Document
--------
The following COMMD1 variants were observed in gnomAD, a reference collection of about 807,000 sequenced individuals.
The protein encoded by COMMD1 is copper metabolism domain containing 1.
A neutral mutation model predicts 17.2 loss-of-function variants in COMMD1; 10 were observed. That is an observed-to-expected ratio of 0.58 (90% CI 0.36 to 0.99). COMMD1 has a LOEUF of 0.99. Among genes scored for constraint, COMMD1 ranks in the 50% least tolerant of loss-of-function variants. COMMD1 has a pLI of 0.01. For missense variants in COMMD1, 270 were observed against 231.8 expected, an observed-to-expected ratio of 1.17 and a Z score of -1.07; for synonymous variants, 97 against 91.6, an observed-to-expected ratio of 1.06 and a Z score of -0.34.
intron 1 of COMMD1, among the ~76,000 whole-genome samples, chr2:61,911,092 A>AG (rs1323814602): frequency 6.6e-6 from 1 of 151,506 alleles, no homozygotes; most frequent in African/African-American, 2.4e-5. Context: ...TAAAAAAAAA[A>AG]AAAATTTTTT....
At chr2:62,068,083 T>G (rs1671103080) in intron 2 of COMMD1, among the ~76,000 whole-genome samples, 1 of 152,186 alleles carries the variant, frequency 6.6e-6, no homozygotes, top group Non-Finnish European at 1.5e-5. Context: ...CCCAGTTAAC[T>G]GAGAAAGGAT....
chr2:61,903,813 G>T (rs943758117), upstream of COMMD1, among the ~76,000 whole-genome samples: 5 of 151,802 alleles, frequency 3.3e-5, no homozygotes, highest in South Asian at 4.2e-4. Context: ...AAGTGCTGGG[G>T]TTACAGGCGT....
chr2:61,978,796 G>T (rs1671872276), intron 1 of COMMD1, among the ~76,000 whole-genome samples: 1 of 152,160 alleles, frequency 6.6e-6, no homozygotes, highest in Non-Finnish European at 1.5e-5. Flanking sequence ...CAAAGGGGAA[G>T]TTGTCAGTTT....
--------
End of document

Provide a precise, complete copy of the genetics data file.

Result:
The following COMMD1 variants were observed in gnomAD, a reference collection of about 807,000 sequenced individuals.
The protein encoded by COMMD1 is copper metabolism domain containing 1.
A neutral mutation model predicts 17.2 loss-of-function variants in COMMD1; 10 were observed. That is an observed-to-expected ratio of 0.58 (90% CI 0.36 to 0.99). COMMD1 has a LOEUF of 0.99. Among genes scored for constraint, COMMD1 ranks in the 50% least tolerant of loss-of-function variants. COMMD1 has a pLI of 0.01. For missense variants in COMMD1, 270 were observed against 231.8 expected, an observed-to-expected ratio of 1.17 and a Z score of -1.07; for synonymous variants, 97 against 91.6, an observed-to-expected ratio of 1.06 and a Z score of -0.34.
intron 1 of COMMD1, among the ~76,000 whole-genome samples, chr2:61,911,092 A>AG (rs1323814602): frequency 6.6e-6 from 1 of 151,506 alleles, no homozygotes; most frequent in African/African-American, 2.4e-5. Context: ...TAAAAAAAAA[A>AG]AAAATTTTTT....
At chr2:62,068,083 T>G (rs1671103080) in intron 2 of COMMD1, among the ~76,000 whole-genome samples, 1 of 152,186 alleles carries the variant, frequency 6.6e-6, no homozygotes, top group Non-Finnish European at 1.5e-5. Context: ...CCCAGTTAAC[T>G]GAGAAAGGAT....
chr2:61,903,813 G>T (rs943758117), upstream of COMMD1, among the ~76,000 whole-genome samples: 5 of 151,802 alleles, frequency 3.3e-5, no homozygotes, highest in South Asian at 4.2e-4. Context: ...AAGTGCTGGG[G>T]TTACAGGCGT....
chr2:61,978,796 G>T (rs1671872276), intron 1 of COMMD1, among the ~76,000 whole-genome samples: 1 of 152,160 alleles, frequency 6.6e-6, no homozygotes, highest in Non-Finnish European at 1.5e-5. Flanking sequence ...CAAAGGGGAA[G>T]TTGTCAGTTT....